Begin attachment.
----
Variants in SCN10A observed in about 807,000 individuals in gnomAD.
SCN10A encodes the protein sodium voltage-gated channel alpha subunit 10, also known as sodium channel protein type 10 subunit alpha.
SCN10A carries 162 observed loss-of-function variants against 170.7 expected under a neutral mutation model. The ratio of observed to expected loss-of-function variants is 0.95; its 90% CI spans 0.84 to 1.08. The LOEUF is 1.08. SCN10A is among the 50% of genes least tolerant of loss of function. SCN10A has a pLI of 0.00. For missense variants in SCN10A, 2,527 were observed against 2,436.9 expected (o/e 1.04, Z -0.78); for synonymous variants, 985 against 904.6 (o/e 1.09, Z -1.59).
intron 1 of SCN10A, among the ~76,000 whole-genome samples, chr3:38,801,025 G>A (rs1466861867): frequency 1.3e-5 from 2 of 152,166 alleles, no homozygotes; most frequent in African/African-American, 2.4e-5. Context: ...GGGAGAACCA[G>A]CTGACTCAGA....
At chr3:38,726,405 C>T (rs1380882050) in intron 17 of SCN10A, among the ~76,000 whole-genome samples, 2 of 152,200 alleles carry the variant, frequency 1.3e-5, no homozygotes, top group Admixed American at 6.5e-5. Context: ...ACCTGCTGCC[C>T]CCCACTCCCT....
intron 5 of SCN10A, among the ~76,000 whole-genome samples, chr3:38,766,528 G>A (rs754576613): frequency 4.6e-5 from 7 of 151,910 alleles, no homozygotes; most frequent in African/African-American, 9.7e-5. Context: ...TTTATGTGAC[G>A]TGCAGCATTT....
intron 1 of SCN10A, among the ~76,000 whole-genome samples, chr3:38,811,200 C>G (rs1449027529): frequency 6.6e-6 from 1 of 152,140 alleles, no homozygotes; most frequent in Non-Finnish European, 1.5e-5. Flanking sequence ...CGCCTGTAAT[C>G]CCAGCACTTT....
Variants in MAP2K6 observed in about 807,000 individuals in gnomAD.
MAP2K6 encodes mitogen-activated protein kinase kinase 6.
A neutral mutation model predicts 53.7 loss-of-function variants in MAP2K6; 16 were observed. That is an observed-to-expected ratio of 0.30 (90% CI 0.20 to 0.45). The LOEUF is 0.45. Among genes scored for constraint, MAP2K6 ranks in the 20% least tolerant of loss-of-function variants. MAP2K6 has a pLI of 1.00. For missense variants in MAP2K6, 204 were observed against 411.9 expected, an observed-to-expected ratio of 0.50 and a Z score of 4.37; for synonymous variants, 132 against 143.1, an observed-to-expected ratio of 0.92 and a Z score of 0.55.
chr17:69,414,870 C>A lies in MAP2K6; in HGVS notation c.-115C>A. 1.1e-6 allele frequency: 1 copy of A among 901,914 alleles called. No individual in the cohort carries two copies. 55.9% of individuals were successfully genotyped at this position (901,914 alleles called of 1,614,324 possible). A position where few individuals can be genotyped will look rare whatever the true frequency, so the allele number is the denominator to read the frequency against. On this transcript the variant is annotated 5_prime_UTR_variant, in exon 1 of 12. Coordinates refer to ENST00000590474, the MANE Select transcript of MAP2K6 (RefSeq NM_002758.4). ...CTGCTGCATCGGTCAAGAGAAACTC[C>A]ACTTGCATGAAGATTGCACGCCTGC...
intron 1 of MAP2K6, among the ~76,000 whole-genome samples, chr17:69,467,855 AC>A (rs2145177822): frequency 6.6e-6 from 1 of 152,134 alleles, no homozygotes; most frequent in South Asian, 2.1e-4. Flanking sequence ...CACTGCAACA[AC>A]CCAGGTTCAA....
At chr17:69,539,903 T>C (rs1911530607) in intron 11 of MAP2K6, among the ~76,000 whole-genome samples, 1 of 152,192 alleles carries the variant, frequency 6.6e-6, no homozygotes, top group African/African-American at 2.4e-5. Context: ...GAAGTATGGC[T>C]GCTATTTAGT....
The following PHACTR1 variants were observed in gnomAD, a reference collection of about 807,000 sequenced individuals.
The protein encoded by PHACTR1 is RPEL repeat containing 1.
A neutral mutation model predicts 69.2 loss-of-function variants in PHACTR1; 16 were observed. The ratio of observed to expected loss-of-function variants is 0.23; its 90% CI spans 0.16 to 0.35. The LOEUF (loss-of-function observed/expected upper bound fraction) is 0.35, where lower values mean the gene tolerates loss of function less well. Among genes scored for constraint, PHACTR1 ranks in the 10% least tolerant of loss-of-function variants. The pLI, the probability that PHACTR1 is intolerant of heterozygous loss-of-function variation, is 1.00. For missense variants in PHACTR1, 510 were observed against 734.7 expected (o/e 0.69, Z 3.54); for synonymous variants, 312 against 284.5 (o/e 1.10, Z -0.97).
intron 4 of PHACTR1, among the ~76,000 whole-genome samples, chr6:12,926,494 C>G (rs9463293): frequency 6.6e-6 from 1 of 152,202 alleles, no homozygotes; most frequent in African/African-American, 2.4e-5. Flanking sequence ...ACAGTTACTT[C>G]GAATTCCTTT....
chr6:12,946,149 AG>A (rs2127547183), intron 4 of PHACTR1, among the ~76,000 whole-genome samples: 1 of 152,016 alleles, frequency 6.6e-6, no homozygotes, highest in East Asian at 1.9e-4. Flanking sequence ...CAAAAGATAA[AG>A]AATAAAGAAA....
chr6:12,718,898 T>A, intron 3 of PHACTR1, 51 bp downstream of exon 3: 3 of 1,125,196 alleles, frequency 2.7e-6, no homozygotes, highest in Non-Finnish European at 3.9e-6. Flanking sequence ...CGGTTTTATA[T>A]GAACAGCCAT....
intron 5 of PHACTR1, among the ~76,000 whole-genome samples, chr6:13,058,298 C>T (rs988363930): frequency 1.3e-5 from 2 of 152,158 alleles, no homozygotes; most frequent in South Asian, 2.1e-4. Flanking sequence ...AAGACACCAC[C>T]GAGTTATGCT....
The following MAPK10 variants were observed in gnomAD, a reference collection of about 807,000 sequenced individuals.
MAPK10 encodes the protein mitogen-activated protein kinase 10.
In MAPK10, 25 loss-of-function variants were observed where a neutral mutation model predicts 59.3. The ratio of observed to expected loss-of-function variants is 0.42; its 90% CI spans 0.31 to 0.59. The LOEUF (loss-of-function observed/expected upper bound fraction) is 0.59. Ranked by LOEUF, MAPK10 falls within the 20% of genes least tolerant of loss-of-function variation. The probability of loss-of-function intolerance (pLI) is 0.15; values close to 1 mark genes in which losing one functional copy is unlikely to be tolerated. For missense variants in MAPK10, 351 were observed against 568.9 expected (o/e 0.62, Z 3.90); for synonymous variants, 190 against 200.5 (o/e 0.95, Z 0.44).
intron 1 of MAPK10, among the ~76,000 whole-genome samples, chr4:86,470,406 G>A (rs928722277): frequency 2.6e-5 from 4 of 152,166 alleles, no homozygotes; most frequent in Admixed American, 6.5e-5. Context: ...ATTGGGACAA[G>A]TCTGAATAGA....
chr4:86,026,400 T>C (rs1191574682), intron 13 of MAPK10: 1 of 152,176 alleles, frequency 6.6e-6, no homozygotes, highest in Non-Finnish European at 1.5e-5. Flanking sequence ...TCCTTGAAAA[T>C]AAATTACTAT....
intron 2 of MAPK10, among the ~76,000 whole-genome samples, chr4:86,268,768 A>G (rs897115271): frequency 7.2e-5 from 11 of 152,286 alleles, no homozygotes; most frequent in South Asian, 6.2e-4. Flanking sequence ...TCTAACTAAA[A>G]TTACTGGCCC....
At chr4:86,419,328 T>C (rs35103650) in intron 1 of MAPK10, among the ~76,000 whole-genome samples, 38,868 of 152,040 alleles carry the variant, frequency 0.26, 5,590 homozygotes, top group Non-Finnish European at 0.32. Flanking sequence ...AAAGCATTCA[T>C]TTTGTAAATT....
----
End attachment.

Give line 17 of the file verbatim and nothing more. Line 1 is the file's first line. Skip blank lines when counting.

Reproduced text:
intron 4 of PHACTR1, among the ~76,000 whole-genome samples, chr6:12,926,494 C>G (rs9463293): frequency 6.6e-6 from 1 of 152,202 alleles, no homozygotes; most frequent in African/African-American, 2.4e-5. Flanking sequence ...ACAGTTACTT[C>G]GAATTCCTTT....